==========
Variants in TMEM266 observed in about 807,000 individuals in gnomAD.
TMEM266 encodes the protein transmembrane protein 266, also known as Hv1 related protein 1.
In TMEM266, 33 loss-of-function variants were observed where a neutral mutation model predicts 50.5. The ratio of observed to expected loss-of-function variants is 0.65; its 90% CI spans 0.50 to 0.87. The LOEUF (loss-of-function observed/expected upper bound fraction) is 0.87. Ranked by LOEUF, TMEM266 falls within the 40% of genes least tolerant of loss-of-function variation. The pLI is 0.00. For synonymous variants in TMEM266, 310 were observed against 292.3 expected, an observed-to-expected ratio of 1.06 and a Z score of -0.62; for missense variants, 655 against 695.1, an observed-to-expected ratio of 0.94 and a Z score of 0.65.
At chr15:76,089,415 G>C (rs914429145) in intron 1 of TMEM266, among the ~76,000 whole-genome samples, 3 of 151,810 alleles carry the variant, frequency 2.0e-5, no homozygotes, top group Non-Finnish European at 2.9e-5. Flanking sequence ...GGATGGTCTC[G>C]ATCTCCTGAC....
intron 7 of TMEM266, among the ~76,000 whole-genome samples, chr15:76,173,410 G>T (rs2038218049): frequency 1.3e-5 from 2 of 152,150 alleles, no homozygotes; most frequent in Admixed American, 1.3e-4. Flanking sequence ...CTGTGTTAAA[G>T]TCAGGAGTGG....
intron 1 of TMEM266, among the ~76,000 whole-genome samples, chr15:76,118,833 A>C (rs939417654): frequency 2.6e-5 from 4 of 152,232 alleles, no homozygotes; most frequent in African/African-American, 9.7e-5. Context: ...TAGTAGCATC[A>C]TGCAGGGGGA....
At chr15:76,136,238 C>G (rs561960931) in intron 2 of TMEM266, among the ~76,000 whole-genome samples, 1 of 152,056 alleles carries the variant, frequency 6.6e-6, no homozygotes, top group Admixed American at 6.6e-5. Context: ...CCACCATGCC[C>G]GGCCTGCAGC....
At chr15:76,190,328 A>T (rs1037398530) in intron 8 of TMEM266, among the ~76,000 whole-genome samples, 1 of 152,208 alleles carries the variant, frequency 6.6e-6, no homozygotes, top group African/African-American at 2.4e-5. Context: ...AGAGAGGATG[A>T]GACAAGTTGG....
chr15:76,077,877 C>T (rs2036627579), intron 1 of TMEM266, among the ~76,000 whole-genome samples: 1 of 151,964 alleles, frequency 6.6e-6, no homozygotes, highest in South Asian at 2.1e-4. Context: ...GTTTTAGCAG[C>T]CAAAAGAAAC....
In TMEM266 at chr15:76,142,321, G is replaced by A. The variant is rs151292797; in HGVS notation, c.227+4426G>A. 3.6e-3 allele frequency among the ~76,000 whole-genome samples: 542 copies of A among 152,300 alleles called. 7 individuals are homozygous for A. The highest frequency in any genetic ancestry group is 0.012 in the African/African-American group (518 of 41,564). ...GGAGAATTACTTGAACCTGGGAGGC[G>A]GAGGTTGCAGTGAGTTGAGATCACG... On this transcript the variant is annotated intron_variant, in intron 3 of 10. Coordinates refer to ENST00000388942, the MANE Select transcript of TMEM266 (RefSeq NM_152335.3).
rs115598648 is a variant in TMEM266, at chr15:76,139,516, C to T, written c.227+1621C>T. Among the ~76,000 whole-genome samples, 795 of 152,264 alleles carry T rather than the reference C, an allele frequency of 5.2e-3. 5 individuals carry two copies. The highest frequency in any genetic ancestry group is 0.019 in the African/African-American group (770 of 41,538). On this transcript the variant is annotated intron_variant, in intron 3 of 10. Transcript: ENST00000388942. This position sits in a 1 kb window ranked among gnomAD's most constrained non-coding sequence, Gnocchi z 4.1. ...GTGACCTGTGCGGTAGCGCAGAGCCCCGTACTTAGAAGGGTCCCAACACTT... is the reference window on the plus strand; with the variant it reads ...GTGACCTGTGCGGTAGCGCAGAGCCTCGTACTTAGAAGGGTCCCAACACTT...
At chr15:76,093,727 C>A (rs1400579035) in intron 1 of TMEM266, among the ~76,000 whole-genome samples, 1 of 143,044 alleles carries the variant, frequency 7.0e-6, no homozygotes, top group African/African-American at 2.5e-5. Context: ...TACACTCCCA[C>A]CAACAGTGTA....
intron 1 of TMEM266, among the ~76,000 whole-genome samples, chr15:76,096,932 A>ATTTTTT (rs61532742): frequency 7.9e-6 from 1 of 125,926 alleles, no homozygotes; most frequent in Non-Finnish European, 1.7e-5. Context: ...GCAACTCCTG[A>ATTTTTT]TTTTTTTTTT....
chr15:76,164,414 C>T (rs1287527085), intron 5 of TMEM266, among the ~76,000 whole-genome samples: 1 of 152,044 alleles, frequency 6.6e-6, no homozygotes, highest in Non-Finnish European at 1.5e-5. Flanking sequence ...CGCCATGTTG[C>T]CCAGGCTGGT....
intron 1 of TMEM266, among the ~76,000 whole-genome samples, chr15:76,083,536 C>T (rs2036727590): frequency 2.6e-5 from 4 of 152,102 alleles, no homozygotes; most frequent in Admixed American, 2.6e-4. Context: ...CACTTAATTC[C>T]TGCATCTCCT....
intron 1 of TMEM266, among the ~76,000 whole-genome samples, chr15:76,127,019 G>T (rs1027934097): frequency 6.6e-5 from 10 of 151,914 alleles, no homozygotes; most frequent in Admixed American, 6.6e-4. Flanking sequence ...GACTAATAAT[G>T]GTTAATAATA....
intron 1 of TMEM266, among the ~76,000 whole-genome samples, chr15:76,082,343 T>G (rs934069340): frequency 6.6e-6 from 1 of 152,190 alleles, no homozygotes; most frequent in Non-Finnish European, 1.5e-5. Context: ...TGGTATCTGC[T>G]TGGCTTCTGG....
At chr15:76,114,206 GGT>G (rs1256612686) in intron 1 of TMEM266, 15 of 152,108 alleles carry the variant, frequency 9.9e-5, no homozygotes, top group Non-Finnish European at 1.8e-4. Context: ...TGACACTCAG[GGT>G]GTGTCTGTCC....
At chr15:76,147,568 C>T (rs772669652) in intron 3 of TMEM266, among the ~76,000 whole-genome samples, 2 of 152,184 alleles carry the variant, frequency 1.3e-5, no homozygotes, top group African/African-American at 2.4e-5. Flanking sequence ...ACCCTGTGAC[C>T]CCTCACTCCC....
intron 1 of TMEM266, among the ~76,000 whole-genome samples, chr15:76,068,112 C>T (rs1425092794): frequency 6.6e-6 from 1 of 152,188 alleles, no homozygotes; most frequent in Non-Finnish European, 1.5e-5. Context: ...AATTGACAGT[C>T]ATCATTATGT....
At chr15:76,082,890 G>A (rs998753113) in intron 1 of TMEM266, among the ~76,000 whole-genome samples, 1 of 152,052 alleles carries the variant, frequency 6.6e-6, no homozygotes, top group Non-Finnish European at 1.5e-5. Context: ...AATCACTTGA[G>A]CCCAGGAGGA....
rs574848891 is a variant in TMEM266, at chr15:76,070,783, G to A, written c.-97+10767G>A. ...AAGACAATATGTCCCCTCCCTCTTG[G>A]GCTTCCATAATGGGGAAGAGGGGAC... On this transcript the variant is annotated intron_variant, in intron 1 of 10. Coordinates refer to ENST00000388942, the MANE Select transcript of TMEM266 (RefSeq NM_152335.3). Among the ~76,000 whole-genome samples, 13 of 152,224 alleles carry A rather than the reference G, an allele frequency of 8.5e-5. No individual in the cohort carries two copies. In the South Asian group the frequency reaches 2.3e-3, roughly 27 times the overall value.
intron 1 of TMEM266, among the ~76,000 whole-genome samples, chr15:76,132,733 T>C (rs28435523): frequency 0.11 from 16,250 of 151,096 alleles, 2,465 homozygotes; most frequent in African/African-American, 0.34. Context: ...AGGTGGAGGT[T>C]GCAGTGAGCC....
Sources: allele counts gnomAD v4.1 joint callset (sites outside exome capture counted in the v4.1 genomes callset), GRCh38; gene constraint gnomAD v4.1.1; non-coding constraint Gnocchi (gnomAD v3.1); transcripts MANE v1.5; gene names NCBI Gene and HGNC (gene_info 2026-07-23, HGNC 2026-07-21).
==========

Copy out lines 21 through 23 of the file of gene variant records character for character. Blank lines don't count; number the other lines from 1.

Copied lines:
At chr15:76,082,890 G>A (rs998753113) in intron 1 of TMEM266, among the ~76,000 whole-genome samples, 1 of 152,052 alleles carries the variant, frequency 6.6e-6, no homozygotes, top group Non-Finnish European at 1.5e-5. Context: ...AATCACTTGA[G>A]CCCAGGAGGA....
rs574848891 is a variant in TMEM266, at chr15:76,070,783, G to A, written c.-97+10767G>A. ...AAGACAATATGTCCCCTCCCTCTTG[G>A]GCTTCCATAATGGGGAAGAGGGGAC... On this transcript the variant is annotated intron_variant, in intron 1 of 10. Coordinates refer to ENST00000388942, the MANE Select transcript of TMEM266 (RefSeq NM_152335.3). Among the ~76,000 whole-genome samples, 13 of 152,224 alleles carry A rather than the reference G, an allele frequency of 8.5e-5. No individual in the cohort carries two copies. In the South Asian group the frequency reaches 2.3e-3, roughly 27 times the overall value.
intron 1 of TMEM266, among the ~76,000 whole-genome samples, chr15:76,132,733 T>C (rs28435523): frequency 0.11 from 16,250 of 151,096 alleles, 2,465 homozygotes; most frequent in African/African-American, 0.34. Context: ...AGGTGGAGGT[T>C]GCAGTGAGCC....